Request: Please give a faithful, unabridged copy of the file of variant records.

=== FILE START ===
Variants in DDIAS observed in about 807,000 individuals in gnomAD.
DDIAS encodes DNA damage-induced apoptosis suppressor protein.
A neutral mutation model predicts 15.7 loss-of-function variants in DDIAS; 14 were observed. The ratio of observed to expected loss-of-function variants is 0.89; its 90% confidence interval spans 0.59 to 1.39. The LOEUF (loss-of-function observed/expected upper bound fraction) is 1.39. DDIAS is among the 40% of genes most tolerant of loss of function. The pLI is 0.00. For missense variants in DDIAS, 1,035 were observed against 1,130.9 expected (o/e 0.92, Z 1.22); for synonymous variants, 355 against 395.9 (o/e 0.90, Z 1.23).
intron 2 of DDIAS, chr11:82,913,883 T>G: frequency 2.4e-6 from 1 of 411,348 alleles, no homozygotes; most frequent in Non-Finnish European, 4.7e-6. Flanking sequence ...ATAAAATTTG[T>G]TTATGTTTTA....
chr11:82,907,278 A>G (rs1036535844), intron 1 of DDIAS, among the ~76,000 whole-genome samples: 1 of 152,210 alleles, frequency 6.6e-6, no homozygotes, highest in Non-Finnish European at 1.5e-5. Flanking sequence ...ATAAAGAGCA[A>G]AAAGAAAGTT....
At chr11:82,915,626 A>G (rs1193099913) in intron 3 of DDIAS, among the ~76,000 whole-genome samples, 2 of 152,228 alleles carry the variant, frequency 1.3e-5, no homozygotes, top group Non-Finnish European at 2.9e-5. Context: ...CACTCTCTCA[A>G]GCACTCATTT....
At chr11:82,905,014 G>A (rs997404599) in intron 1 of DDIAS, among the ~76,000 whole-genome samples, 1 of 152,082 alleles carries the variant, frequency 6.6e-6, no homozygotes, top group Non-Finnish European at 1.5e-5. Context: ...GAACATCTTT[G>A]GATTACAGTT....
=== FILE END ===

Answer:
Variants in DDIAS observed in about 807,000 individuals in gnomAD.
DDIAS encodes DNA damage-induced apoptosis suppressor protein.
A neutral mutation model predicts 15.7 loss-of-function variants in DDIAS; 14 were observed. The ratio of observed to expected loss-of-function variants is 0.89; its 90% confidence interval spans 0.59 to 1.39. The LOEUF (loss-of-function observed/expected upper bound fraction) is 1.39. DDIAS is among the 40% of genes most tolerant of loss of function. The pLI is 0.00. For missense variants in DDIAS, 1,035 were observed against 1,130.9 expected (o/e 0.92, Z 1.22); for synonymous variants, 355 against 395.9 (o/e 0.90, Z 1.23).
intron 2 of DDIAS, chr11:82,913,883 T>G: frequency 2.4e-6 from 1 of 411,348 alleles, no homozygotes; most frequent in Non-Finnish European, 4.7e-6. Flanking sequence ...ATAAAATTTG[T>G]TTATGTTTTA....
chr11:82,907,278 A>G (rs1036535844), intron 1 of DDIAS, among the ~76,000 whole-genome samples: 1 of 152,210 alleles, frequency 6.6e-6, no homozygotes, highest in Non-Finnish European at 1.5e-5. Flanking sequence ...ATAAAGAGCA[A>G]AAAGAAAGTT....
At chr11:82,915,626 A>G (rs1193099913) in intron 3 of DDIAS, among the ~76,000 whole-genome samples, 2 of 152,228 alleles carry the variant, frequency 1.3e-5, no homozygotes, top group Non-Finnish European at 2.9e-5. Context: ...CACTCTCTCA[A>G]GCACTCATTT....
At chr11:82,905,014 G>A (rs997404599) in intron 1 of DDIAS, among the ~76,000 whole-genome samples, 1 of 152,082 alleles carries the variant, frequency 6.6e-6, no homozygotes, top group Non-Finnish European at 1.5e-5. Context: ...GAACATCTTT[G>A]GATTACAGTT....